SUPPORT FROM GFC RELIEVES CONFLICT-AFFECTED GIRL FROM THE STRUGGLES OF FEES

SUPPORT FROM GFC RELIEVES CONFLICT-AFFECTED GIRL FROM THE STRUGGLES OF FEES

Mokomiku Christine at RICE-WN Offices
Mokomiku Christine at RICE-WN Offices

Conflict-affected Christine Mokomiku, aged 18, is a senior three student of Cornerstone Secondary School in Arua district having shifted from Logiri Girls’ Secondary School. She was affected and suffered various forms abuse by South Sudan conflict that also led to the death of her father.

Christine is one of the 14 conflict-affected girls (7 in secondary school and 7 in vocational training) benefiting from a partnership between Rural Initiative for Community Empowerment–West Nile (RICE-WN) and the Global Fund for Children (GFC) supporting conflict-affected girls in school and those in vocational training since 2014.

She has never looked back ever since she got her training in bakery as part of the package to support the retention of the girls in school. “Nowadays I can make my cakes and even on Christmas day, I made my Christmas cake which was a pleasure to my family members, they were very happy of it,” joyous Christine told RICE-WN.

During the third term holiday, she engaged in making pancakes to support her livelihood. Having started with twenty five thousand Ugandan shillings (UGX 25,000=) she has managed to earn up to one hundred fifty thousand Ugandan shillings (UGX 150,000=).

Christine attributes her success to the support that RICE-WN and the Global Fund for Children have extended which has made her very happy and a role model among her peers in the community since she is able to fend for her education and livelihood.

“I am happy because I’ve been struggling alone to search for my school fees but as per now RICE-WN and the Global Fund for Children are giving me half of my school fees and other materials like books, pens and some other things for school [learning materials],” she said.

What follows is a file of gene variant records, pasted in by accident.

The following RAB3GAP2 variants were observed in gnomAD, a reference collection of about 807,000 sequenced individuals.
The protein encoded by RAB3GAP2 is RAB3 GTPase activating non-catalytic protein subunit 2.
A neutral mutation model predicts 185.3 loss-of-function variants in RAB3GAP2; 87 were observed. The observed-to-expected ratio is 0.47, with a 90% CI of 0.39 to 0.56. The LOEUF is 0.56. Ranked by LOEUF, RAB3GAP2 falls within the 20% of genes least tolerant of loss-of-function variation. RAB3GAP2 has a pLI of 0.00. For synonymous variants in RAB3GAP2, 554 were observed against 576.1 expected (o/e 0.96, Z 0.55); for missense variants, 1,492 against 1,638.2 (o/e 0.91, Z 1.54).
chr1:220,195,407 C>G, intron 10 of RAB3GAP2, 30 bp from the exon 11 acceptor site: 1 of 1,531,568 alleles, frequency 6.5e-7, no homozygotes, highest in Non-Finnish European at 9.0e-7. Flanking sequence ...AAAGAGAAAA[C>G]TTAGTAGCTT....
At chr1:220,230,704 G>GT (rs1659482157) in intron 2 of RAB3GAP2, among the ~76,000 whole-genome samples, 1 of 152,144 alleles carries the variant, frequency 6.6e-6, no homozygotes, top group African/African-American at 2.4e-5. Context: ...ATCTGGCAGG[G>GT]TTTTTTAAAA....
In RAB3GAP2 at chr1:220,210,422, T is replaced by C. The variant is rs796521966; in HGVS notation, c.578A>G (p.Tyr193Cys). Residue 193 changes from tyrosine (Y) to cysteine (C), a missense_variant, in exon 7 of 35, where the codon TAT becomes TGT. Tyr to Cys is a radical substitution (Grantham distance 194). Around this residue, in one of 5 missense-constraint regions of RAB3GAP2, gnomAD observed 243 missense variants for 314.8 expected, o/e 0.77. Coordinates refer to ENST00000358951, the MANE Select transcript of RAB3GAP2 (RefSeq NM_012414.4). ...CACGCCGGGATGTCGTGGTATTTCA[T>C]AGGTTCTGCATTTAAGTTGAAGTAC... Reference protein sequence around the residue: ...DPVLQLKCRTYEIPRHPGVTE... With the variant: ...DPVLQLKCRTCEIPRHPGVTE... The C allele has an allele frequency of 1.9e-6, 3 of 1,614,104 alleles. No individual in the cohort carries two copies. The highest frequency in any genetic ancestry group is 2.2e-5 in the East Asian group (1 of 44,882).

Since the start of the support in 2014, Christine is committed to improving in her studies despite challenges she has been experiencing in retention and learning at school.

“My plan for this year is that I have to be in school, I have to work hard to perform very well though I have challenges in other subjects but I must make sure that this year I have to work hard to improve on them,” determined Christine promised RICE-WN.

She continued: “I am going to be close to my teachers so that I have extra time for explanations so that I can at least get something in it and will have to concentrate on my books because since I would be thinking about the school fees for the rest of the term, nowadays the fees is partly sponsored by RICE-WN and partly by me. So by that I think at least am saved right now.” Christine is determined to progress with her education up to institution level until she is able to be gainfully employed.

Rural Initiative for Community Empowerment – West Nile (RICE-WN) is one of the seven grassroots organizations in Uganda supported by The Global Fund for Children, in partnership with the MacArthur Foundation, to address barriers relating to enrollment, retention, learning and progression in school and vocational/livelihood training for conflict-affected girls.

TALE OF A MIDIA HOUSEHOLD TO ATTAIN ODF STATUS IN 5 DAYS

TALE OF A MIDIA HOUSEHOLD TO ATTAIN ODF STATUS IN 5 DAYS

Midia Success Story - Pitcha

On 27th November 2015, RICE WN Midia team had a household follow-up to Ifoko Village, Kingaba Parish in Midia sub-county. This village was triggered on 02/09/2015 and the village resolved that every household must contract a latrine and install other facilities such as Tippy Taps and scot hall covers to achieve ODF status as they also agreed that a penalty shall be laid on those who faulted the agreement.